The complement of A, are those points that belong to S but are not in A and is represented by the symbol Ā.

Let’s go with an illustrative example, the sample space for the toss of a die is S= {1, 2, 3, 4, 5, 6}, If we determine three events such that A = {1, 3, 5], in addition B = {4, 5} and C = {1}, we can conclude that:

1. The complement of A will be: Ā = {2, 4, 6}.

2. If we require A U B, we need to join all the points of both A and B: A U B = {1, 3, 4, 5}

3. If what we need is to find, we must find the common points of both events and therefore: A∩C = {1}

## Conditional probability¶

Before understanding what conditional probability is, we must know that there are independent events and dependent events. When a certain event does not exert any type of effect with respect to the probability that another event occurs, it is what we define as an independent event. For example, when it comes to rolling a die, the result that we obtain when we make the first roll, we know that it does not affect in any way the probability that is obtained from a second roll.

Being the events A and B independent, we can express them as follows:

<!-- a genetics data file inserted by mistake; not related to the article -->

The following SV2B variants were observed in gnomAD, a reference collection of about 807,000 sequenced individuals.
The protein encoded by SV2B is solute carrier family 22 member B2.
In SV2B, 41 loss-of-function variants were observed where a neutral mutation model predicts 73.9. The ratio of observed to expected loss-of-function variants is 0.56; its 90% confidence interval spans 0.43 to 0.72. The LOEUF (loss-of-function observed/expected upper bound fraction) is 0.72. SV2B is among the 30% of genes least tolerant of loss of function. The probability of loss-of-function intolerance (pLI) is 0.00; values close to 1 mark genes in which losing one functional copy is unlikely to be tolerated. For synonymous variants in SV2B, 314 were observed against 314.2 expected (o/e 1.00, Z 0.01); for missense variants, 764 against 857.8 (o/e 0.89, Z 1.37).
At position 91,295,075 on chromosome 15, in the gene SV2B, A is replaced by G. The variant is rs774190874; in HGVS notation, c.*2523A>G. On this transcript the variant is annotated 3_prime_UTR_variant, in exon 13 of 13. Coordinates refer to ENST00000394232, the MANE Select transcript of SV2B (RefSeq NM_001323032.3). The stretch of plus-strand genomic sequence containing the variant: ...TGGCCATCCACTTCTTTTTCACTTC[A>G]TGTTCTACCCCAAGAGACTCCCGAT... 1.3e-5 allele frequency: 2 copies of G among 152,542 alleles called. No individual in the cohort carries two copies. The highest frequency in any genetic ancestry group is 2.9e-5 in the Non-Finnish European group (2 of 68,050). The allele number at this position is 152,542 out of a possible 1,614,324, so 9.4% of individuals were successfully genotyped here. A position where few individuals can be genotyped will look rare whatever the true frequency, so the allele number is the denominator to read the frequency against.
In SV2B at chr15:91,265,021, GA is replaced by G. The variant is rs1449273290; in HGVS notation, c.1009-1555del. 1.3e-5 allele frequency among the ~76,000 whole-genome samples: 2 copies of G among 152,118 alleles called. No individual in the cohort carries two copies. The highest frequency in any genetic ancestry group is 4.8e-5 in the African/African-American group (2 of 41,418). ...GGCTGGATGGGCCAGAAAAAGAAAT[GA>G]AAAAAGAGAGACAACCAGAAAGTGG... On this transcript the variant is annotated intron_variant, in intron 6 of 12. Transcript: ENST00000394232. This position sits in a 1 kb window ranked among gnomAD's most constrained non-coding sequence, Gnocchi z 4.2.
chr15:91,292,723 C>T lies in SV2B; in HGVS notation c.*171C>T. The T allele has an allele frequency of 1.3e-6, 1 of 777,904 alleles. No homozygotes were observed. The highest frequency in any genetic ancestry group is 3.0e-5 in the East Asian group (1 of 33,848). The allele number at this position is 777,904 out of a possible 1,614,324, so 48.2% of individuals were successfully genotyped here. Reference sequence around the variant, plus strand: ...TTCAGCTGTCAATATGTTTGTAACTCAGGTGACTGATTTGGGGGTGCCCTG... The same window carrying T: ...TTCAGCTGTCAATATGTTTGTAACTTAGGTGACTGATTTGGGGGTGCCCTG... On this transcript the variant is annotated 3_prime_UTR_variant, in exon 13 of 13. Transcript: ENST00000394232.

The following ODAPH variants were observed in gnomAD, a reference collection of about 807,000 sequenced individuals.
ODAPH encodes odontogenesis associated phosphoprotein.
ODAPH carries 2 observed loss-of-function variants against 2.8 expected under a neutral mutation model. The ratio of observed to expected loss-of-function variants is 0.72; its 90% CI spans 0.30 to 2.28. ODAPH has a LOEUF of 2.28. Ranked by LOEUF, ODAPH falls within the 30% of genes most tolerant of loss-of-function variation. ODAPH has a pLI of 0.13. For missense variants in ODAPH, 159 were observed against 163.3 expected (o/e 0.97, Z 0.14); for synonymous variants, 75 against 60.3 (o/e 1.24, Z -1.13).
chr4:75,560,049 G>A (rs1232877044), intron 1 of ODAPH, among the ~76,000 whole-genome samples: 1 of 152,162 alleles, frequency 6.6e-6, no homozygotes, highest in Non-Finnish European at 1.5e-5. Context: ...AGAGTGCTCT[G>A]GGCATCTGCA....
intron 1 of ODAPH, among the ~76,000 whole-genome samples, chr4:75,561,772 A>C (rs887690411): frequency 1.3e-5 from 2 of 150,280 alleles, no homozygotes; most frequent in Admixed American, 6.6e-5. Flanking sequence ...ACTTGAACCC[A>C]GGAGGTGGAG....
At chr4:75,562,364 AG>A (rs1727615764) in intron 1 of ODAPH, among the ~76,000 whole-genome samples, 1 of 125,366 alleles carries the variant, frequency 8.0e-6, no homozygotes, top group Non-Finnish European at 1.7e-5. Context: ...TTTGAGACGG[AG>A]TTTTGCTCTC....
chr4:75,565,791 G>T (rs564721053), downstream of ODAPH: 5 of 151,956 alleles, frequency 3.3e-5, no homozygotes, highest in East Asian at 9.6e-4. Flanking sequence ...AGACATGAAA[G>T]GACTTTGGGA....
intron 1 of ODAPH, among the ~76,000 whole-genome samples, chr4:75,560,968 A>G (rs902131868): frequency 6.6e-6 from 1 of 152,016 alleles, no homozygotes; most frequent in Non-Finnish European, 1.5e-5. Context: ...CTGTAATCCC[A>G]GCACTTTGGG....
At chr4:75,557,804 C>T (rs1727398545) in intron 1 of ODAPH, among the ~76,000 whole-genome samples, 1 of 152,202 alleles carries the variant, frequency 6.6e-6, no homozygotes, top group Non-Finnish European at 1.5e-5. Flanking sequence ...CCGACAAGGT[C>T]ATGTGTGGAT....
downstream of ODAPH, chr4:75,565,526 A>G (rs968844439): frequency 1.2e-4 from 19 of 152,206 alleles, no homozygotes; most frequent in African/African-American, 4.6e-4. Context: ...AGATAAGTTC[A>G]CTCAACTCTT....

$P (A ∩ B) = P (A) P (B) P (B | A) = P (B) P (A | B) = P (A)$

On the other hand, dependent events indicate that one event happens or does not happen with respect to another and it is precisely in this type of event that we use conditional probability, which is the one where situations that are similar and in which it is required to find the probability of event A, but yes, when we already know what happened in another event B.

Now, since A and B are two specific events within a sample space and the condition that P(B) > 0 is obtained, this implies that the probability of A with respect to B is:

$P (A Ι B) = P (A ∩ B) / P (B)$

An example can clarify the above much more, if we want to calculate the probability when tossing a coin 2 times and also that the result of the second toss when falling to the ground turns out to be heads, when the result of the first toss is a tails. . We must first specify the nomenclature to use and we will use the same that we established in the example mentioned before: C = Heads T = Tails

In this case the sample space is: S = {CC, CT, TC, TT}

To know the conditional probability, we must express the following: P (C Ι T) = P (C ∩ T) / P (T)